Harkness Method

Harkness Method

For three quarters of a century, the Harkness method has worked well in educational environments where the faculty believes that students are capable of discovering and constructing knowledge with well-crafted coaching from the teacher. As I reflect on my experiences with what we tend to call “discussion-driven” classrooms, I see some challenges with today’s students that might be addressed with minor modifications to the original concept. These changes are based on two assumptions:

  • Not all students participate in discussion for a variety of reasons, even if it is an expectation of the course.
  • Even though class sizes are smaller in independent schools, discussions of 12-16 students almost guarantee that not everybody will be able to participate regularly.
The hybrid model is not an original idea. Others have proposed several iterations over the past few years, so this proposal is simply a variation on a theme:
  • Divide the class into two random groups of similar size.
  • One group engages in a traditional class discussion.
  • The other group participates in the discussion through a live blog such as CoverItLive that is projected in the classroom (they are not permitted to speak).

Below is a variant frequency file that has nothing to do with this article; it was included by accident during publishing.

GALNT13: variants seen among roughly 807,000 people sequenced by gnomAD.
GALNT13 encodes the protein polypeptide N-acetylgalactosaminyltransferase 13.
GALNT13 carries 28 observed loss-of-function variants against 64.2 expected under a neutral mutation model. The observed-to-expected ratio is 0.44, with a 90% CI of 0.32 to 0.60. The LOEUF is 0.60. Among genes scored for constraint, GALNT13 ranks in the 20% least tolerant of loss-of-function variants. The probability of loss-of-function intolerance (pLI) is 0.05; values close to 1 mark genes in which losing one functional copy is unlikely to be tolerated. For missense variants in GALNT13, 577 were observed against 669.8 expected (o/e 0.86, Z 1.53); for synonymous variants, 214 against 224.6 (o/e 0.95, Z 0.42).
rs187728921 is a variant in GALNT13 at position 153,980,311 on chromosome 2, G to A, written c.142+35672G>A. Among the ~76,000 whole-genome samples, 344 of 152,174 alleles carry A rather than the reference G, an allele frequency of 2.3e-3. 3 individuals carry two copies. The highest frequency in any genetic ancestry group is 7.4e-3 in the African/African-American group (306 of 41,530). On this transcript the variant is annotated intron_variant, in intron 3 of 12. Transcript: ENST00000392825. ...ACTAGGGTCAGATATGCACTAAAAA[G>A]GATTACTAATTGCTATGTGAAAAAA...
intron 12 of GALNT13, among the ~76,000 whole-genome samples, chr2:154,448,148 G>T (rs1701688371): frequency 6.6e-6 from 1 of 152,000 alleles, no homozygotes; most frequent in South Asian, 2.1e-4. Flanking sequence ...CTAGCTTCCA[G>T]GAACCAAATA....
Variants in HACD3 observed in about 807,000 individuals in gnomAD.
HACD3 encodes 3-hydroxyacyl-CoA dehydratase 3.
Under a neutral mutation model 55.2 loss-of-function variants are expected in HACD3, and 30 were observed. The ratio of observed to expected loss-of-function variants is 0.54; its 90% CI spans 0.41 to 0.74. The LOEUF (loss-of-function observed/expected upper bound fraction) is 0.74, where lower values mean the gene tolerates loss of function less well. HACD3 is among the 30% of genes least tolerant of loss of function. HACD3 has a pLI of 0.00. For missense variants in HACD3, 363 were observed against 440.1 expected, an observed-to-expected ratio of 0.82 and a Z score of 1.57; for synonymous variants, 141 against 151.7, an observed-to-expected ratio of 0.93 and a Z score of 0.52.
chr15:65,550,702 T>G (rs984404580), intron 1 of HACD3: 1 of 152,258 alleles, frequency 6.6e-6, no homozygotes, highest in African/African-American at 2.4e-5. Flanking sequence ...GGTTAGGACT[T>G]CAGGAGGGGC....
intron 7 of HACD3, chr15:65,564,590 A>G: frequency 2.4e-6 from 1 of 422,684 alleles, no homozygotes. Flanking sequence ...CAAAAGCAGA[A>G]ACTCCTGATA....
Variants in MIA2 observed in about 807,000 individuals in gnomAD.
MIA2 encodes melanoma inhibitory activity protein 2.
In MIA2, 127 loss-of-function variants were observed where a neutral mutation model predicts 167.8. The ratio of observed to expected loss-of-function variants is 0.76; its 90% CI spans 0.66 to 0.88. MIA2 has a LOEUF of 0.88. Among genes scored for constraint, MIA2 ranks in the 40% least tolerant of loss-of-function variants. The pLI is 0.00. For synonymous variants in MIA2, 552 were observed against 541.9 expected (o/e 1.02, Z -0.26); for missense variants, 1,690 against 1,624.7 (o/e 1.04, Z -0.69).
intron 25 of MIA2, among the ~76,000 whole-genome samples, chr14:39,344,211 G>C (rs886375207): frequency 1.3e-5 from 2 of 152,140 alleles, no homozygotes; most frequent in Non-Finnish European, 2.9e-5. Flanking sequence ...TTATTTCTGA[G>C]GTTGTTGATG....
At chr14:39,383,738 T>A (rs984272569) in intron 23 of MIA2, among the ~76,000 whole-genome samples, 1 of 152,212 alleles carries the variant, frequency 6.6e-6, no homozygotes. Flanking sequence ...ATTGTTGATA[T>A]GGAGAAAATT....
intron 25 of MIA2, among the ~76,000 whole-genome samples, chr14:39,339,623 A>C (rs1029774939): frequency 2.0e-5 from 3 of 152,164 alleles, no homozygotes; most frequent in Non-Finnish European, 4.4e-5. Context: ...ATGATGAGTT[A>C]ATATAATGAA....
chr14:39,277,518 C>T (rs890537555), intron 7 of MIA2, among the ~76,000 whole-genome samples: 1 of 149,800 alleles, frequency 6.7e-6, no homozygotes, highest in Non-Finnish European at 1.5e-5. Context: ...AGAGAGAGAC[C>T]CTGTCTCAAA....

• On a daily basis, students shift frequently between the spoken and written contribution, but both groups are expected to participate together and in concert.

There are several benefits to this strategy (if it works) that might speak to the individual needs of some students. Those who are intimidated or prefer not to speak in class will have the opportunity to participate. Those who prefer to reflect on a question before responding will have the opportunity to do so in the written genre. Those students who dislike writing as a form of expression will write more frequently, and about topics and viewpoints that they feel strongly about (the same motivations for speaking in class).

Will there be challenges implementing the hybrid discussion? I can anticipate several. First, the logistics of ensuring some continuity between the two camps may be complex. Traditional discussions sometimes move at a pace that would be difficult to match for writers. On the other hand, slowing down discussions to encourage more depth might be a benefit. Second, students may not like the hybrid format, both because it is different (and therefore risky) and because they will not always be able to play their stronger suit, depending on the group to which they are assigned. Again, alternating groups might strengthen both spoken and written skills over time.

After I have experimented with the hybrid discussion in my class for a few weeks, I will report back in this blog with anecdotal results and student feedback. I am hoping I can add the hybrid discussion to the “teacher toolkit for increased student engagement” that I am building this year.